First Encounter With a Reishi

As we set out, we first looked around Whitmore’s land where we came across some glorious reishi mushrooms growing on a hemlock tree.

He patiently explained to those who were largely ignorant about the characteristics of the reishi that it is “the most revered of medicinals.” It has a strong and bitter taste, so it is used dried and boiled either in soups or tea. The reishi is known as the longevity mushroom and used as an overall body-mind tonic.

We then changed scenery and went for a longer walk along the river where he was excited to see dead elm trees. Not because the trees were dead per se, but because we were after all on the hunt for morels, and morels love dead elm trees. Apparently, the nutrients of a dying elm with all their sugary goodness are soaked up by the mushrooms that thrive under those conditions.

Morels can also be found in apple orchards but he cautioned against picking morels that grow there because they soak up heavy metals and, on older apple orchards, where arsenic was used as an insecticide, the mushrooms are themselves toxic due to their arsenic content.

In commercially grown apples the arsenic accumulates in apple seeds but not the rest of the apple. Even organically grown apple seeds naturally have cyanide—eating apple seeds is beneficial for the lungs in small doses, but they are not indicated to be eaten in large amounts according to Whitmore.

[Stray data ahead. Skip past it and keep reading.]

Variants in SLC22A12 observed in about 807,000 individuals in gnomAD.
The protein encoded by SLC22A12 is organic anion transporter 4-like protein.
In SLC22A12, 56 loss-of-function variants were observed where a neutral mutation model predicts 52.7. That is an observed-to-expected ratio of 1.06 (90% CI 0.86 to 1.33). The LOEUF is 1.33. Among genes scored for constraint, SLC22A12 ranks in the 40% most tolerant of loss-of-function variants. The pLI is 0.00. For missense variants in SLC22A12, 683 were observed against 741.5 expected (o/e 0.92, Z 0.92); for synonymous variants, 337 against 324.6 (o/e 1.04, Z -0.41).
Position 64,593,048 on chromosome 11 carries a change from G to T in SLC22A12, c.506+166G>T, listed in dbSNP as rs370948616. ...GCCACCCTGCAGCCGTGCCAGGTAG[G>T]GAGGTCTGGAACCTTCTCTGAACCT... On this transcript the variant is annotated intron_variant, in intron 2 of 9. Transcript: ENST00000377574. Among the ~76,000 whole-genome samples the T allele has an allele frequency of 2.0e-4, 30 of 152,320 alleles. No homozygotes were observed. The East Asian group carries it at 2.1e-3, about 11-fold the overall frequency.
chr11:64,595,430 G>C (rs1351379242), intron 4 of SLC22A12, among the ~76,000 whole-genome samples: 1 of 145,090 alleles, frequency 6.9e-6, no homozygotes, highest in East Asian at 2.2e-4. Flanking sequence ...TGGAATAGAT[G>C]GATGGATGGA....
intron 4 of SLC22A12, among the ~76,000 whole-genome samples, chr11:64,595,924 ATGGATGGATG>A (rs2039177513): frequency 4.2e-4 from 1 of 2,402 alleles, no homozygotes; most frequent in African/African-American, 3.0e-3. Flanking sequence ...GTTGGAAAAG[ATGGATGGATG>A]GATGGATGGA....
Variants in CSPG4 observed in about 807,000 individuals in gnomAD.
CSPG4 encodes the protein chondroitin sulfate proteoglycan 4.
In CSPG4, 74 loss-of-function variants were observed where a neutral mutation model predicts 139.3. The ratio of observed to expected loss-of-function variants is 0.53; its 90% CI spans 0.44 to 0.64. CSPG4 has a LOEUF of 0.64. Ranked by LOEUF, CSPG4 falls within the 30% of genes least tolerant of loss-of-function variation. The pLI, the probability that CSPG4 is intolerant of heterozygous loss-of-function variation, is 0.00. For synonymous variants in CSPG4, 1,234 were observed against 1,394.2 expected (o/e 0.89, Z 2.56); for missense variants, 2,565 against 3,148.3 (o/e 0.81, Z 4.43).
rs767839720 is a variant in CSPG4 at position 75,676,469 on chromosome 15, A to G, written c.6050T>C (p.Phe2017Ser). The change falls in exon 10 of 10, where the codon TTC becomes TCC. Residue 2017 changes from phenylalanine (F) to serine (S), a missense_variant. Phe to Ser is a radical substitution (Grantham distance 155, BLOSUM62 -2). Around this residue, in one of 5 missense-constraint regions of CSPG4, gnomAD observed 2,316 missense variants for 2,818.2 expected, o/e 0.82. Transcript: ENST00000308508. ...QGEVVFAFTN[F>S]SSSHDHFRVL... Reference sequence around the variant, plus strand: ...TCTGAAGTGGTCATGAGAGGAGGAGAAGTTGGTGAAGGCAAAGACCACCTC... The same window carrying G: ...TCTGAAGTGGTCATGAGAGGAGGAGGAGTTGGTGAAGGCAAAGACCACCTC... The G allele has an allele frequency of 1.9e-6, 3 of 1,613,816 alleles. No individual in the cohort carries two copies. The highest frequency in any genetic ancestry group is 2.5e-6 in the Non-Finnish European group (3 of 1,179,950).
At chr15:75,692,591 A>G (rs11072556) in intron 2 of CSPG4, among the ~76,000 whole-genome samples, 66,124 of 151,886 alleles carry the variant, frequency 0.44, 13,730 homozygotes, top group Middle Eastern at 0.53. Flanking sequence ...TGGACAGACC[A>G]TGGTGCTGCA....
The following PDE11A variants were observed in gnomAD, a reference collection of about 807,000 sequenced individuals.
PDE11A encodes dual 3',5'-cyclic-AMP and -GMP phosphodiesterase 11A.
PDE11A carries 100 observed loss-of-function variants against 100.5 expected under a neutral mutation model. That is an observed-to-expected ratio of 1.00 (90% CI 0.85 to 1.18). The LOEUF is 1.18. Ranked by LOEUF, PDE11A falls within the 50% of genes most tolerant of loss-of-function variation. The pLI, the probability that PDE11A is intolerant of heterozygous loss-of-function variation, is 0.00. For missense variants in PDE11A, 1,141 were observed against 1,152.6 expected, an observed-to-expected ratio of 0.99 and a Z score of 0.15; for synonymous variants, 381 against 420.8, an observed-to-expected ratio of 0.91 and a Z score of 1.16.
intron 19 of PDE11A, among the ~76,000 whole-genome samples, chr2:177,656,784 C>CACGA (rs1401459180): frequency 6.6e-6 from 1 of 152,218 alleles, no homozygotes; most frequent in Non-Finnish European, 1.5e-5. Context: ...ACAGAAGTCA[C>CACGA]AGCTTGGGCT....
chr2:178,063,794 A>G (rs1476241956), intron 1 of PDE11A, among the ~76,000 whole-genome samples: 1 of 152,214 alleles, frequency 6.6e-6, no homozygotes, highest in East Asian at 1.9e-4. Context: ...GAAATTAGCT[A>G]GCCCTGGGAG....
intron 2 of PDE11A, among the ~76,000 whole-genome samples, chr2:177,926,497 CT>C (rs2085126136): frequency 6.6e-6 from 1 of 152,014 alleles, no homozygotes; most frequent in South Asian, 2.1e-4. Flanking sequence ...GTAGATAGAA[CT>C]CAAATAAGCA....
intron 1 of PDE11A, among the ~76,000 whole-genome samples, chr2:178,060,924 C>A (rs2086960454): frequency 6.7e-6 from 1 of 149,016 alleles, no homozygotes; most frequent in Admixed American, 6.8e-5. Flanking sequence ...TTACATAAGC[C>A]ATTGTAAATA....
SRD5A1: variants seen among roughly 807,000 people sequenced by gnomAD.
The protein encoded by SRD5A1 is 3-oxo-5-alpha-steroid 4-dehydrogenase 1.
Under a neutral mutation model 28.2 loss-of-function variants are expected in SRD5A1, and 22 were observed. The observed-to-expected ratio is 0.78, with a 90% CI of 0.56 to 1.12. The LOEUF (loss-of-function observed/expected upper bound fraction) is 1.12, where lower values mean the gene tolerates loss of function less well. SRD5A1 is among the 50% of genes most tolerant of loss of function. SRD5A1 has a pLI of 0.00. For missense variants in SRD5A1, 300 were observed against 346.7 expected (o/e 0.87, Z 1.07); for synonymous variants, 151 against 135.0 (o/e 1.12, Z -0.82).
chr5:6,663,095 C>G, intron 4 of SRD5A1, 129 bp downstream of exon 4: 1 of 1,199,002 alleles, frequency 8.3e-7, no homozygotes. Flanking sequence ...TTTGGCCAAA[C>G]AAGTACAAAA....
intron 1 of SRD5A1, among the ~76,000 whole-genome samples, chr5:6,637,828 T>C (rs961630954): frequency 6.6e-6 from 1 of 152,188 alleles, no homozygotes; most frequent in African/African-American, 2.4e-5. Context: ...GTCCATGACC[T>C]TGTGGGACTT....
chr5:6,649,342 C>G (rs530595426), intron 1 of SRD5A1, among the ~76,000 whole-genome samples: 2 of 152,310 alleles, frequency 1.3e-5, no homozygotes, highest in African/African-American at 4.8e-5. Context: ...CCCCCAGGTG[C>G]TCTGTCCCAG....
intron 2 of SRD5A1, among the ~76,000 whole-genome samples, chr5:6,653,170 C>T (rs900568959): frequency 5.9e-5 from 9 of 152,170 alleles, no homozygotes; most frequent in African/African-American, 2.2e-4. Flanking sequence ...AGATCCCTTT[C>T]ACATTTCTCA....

As we walked, Whitmore was clearly the most agile among us, but his agility was not all. He seemed to be the most alert and sharp in terms of using his every sense to survey the land. He pointed out a few interesting plants and where to look for morels.

“When you spend time in the forest and consume foods from the wild, you are taking nutrition and vital energy directly from the source. There is something very powerful about this.”
— Nathaniel Whitmore, wild foods forager

The Plant That Killed Abe Lincoln’s Mom 

The garlic mustard (alliaria petiolata), which has become an invasive species in North America, was used in Europe to flavor food and brought to America by early settlers for that purpose. We crushed it between our fingers and noticed its distinctive garlicky/oniony aroma.

We also came across the sinister-sounding white snakeroot (ageratina altissima) a poisonous perennial said to have killed Abraham Lincoln’s mother. The story goes that she died due to drinking the milk from poisoned cows that ate the plant. She wasn’t the only one killed. According to the Library of Illinois website (www.library.illinois.edu) so called “milk sickness” claimed thousands of lives in the early 1800s.